As I made my way through the entrance, I noticed there are normally three entry ways at each entrance and door. I later discovered, this was for men, women and the middle entrance was for high ranking officials and the emperor himself. I was lucky enough to use the middle door and experience the palace as the emperor himself would. The colours, architecture and statues all feel like something out of a story book. I stood in awe trying to imagine how these were all created so many years back and that modern architects still struggle to re-create them. The palace has been declared a world heritage site and all the rooms, gardens and contents form part of a living museum open to the public and tourists.

This is a must see landmark for all travellers if you are planning trip to Beijing. The reason being is that you are able to catch a glimpse of how the emperor lived his day to day life. From meditation in the palace square in the morning, to lunch in the courtyard and then escaping to his very own zen garden. If you've wondered about time travel, this will be the closest experience you could get!

Statue Close to the Entrance

Chinese Architecture

The Hutong District

After seeing two of the biggest tourist attractions, I wanted to experience something off the books and more close to the energy of the city people. This place my tour guide revealed to me was the Hutong District. A small town close to The Forbidden City where many local families still live. I started my day with a walking tour through the town and visiting courtyards that families had opened to the public to visit and see the culture. On the entrances were all red banners that had good wishes and positive sentiment for on-lookers. These are placed during Chines New year and are left on for protection and good fortune. Two things we all could use right about now!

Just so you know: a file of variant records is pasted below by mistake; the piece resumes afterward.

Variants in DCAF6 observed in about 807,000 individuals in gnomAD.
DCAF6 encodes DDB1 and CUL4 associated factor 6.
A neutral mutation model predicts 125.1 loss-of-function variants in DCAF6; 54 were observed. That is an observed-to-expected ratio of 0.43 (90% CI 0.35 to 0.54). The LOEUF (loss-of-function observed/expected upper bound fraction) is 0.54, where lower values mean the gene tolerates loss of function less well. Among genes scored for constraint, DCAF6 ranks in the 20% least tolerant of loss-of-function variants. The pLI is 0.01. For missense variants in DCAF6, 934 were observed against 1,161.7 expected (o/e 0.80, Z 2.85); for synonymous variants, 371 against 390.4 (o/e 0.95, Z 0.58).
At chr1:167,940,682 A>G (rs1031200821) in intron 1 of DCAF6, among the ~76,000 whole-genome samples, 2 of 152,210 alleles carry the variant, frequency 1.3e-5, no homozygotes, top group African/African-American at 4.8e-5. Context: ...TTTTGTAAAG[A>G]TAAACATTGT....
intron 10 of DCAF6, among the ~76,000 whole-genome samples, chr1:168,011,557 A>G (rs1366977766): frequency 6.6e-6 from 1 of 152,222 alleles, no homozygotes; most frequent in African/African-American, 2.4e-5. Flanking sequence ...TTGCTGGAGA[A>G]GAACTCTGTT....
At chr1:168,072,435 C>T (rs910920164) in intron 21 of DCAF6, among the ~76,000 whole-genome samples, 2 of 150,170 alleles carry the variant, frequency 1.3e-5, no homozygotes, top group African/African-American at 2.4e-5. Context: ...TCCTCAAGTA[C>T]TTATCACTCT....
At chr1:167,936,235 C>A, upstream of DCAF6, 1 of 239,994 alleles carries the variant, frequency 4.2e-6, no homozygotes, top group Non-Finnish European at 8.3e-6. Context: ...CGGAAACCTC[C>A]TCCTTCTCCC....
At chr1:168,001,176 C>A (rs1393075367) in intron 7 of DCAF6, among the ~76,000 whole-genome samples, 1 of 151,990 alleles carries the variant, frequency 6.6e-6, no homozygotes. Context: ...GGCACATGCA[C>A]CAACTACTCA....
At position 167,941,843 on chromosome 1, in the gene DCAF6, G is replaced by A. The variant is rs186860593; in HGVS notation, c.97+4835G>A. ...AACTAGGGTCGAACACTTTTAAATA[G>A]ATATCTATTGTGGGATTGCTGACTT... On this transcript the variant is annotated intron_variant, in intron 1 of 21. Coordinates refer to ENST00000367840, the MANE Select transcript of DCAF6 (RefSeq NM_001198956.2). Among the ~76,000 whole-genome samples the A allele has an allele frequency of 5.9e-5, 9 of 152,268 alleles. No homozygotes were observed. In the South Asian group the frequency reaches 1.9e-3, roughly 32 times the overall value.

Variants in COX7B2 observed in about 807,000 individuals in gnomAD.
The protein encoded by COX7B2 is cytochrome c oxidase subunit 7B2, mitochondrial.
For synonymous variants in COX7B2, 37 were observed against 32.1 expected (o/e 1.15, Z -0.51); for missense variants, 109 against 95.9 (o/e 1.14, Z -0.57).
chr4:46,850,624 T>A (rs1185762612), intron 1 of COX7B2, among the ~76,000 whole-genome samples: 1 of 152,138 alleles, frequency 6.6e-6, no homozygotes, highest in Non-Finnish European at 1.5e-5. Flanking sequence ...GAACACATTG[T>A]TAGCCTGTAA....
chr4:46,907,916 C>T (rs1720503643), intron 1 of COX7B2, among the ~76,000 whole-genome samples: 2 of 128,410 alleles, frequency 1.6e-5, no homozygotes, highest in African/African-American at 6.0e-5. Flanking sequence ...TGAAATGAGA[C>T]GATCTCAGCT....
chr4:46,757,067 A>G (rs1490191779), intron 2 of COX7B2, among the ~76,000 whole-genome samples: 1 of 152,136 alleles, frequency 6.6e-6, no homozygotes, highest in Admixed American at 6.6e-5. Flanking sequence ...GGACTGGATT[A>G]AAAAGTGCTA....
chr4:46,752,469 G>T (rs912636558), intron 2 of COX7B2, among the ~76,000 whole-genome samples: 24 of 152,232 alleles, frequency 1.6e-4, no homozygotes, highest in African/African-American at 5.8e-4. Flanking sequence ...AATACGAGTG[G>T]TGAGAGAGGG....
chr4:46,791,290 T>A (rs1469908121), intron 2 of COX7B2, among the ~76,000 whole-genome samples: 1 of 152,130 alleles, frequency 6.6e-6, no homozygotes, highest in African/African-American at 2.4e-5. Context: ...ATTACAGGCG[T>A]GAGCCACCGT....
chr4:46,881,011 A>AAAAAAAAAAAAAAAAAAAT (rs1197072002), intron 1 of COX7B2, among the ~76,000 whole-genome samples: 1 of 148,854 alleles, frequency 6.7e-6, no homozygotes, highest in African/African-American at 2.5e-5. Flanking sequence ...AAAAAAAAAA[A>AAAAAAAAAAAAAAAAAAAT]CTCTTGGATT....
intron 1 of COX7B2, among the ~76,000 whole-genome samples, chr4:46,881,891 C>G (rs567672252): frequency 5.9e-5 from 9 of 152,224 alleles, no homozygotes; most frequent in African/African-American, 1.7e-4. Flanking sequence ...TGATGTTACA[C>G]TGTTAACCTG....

The courtyard home reminded me of the The Imperial Palace, but on a much smaller scale of course. For imagery, it had one open air courtyard area in the middle surrounded by four rooms on each side. All decorated with natural plants and red lanterns. It felt like time stood still the moment I entered and resumed only the moment I left. As I left I tried my best to express to the owner the beauty of the home and how grateful I was to have seen it.

To end off the day, I was treated to a rick-shaw ride through the town and passed the local river where children were sailing small paper boat and teens were flying kites close by. Once again, a town that felt like it has been frozen in time to maintain and celebrate the culture and heritage only China has been known for. I'm sure you've guessed, but I never wanted to leave...

Traditional Courtyard

Red Lantern

A Warrior's End...

My life long quest to see Beijing was complete. Closing the chapter brought me a feeling that cannot be explained. Seeing a wonder of the world, walking in the emperor's footsteps and travelling back in time to live as the locals did, are all memories I will never forget. Good thing I took all those photos. If you have not been reading between the lines, Beijing should be on your travel list. Scratch that. Beijing should be on the TOP of the list!

© 2019 Lord Alucard